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Did a former Beaumont PD officer convicted of theft receive preferential treatment?

In June, a judge found Michael Wirfs guilty of Class A misdemeanor theft for falsely reporting overtime that the former police officer did not work. (KFDM/KBTV photo)

A former Beaumont Police officer convicted of theft was never booked into jail and processed like other defendants, KFDM/KBTV has learned.

The Jefferson County District Attorney is looking into the matter, which raises questions as to whether the officer received preferential treatment.

In June, a judge found Michael Wirfs guilty of Class A misdemeanor theft for falsely reporting overtime that the former police officer did not work.

When we asked for Wirfs mugshot from the sheriff's office, Sheriff Zena Stephens told us she discovered Wirfs had never turned himself into the jail, which is standard procedure.

"Any person that's issued a warrant generally has to be brought to jail," Stephens said. "Of course having the mugshot, secondly we've got to get finger prints and thirdly and really important ... we need a tracking number associated with every charge of someone who goes through the criminal justice system."

This presents a problem, especially in the Wirfs case since part of his punishment was to surrender his law enforcement license. Without the tracking number, other police agencies would not learn of his conviction and could possibly hire him.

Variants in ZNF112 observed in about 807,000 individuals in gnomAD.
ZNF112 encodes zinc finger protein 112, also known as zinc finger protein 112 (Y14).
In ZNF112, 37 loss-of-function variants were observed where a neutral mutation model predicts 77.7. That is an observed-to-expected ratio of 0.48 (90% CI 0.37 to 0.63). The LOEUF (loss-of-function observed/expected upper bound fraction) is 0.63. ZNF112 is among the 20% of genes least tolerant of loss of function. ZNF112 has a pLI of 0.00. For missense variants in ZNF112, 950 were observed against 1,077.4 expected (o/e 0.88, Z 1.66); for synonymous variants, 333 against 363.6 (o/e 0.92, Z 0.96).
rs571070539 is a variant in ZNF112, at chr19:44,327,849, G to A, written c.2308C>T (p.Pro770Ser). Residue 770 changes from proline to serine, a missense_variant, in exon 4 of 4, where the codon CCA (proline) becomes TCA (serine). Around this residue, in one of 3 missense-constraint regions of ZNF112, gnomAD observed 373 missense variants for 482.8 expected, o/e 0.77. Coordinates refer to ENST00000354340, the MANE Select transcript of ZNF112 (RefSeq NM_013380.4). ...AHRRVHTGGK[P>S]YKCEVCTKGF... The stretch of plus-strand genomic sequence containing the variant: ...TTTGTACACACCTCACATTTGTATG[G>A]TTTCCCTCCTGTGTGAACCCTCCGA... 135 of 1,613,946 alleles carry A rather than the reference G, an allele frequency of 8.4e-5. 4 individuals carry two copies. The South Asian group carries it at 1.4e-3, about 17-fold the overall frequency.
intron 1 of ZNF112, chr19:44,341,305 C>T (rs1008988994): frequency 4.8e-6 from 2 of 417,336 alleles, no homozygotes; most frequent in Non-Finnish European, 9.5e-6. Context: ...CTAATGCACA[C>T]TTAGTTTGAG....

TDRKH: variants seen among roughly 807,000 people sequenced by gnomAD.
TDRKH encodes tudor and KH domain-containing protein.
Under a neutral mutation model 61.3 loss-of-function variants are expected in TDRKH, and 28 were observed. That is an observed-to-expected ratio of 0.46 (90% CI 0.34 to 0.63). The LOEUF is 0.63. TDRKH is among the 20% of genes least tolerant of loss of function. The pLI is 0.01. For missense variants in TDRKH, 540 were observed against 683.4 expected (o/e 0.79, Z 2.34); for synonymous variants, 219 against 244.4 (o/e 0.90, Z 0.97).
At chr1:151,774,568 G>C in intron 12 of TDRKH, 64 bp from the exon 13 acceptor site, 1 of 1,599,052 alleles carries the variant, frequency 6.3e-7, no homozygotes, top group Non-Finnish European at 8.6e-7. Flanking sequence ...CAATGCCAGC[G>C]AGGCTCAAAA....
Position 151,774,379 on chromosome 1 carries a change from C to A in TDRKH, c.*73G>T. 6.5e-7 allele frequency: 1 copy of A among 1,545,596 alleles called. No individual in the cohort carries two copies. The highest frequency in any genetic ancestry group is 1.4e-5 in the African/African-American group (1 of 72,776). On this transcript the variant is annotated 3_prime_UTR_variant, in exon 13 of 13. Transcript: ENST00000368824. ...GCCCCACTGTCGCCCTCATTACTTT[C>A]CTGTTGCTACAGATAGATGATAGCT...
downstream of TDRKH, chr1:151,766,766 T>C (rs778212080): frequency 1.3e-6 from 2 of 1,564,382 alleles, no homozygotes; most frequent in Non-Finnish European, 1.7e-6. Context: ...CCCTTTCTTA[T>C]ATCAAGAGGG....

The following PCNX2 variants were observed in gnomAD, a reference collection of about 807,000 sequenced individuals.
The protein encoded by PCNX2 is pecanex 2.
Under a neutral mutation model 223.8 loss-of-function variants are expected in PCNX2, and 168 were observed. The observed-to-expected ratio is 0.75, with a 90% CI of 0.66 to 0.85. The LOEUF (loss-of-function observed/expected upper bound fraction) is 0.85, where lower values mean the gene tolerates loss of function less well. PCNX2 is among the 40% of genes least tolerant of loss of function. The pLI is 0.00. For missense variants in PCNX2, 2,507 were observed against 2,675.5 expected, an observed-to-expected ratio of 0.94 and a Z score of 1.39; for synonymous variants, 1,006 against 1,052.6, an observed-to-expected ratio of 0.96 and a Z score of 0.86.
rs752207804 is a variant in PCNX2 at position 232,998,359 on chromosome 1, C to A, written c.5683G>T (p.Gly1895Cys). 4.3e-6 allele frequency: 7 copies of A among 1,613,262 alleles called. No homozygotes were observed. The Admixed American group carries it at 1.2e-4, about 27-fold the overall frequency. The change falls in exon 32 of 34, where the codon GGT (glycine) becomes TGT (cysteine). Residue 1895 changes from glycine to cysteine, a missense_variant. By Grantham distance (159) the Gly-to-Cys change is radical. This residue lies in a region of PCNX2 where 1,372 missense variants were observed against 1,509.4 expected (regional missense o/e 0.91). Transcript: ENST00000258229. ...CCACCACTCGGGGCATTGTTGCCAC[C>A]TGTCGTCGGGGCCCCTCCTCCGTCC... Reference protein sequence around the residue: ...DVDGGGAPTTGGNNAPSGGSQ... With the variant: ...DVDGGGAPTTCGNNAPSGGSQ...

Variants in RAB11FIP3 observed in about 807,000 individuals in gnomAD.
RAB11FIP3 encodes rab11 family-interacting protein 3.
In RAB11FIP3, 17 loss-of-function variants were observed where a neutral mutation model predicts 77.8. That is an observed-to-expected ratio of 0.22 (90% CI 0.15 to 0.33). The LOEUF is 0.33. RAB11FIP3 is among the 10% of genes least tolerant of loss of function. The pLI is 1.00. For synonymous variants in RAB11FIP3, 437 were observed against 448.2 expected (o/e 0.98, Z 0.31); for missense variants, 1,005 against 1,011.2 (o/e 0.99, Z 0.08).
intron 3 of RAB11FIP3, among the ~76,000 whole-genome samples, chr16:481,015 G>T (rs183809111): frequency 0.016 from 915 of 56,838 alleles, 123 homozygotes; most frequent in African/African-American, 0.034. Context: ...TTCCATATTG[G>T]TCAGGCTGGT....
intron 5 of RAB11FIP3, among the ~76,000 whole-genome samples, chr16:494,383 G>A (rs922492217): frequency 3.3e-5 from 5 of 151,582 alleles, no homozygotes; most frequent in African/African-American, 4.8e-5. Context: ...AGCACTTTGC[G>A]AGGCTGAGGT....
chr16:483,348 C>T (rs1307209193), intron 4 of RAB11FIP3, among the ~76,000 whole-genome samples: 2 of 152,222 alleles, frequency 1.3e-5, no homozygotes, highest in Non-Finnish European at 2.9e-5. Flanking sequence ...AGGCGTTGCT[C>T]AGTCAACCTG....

"There are background checks for a reason," Stephens said. "This information is aggregated for a reason, kept for a reason ... to ensure we don't lose people."

District Attorney Bob Wortham said he's looking into the issue. But County Clerk Carolyn Guidry said the DA's Office did not file an arrest warrant with the original complaint, which Guidry said should have been done.

She said it was not until a court clerk noticed there was no arrest warrant when one was finally issued.

But by that time, a plea agreement had been reached, which means the warrant did not reach the sheriff's office until after the case was closed.

In addition to losing his law enforcement license, Wirfs had to pay a $4,000 fine as well as restitution and court costs. His attorney Cory Crenshaw declined to comment on the case.

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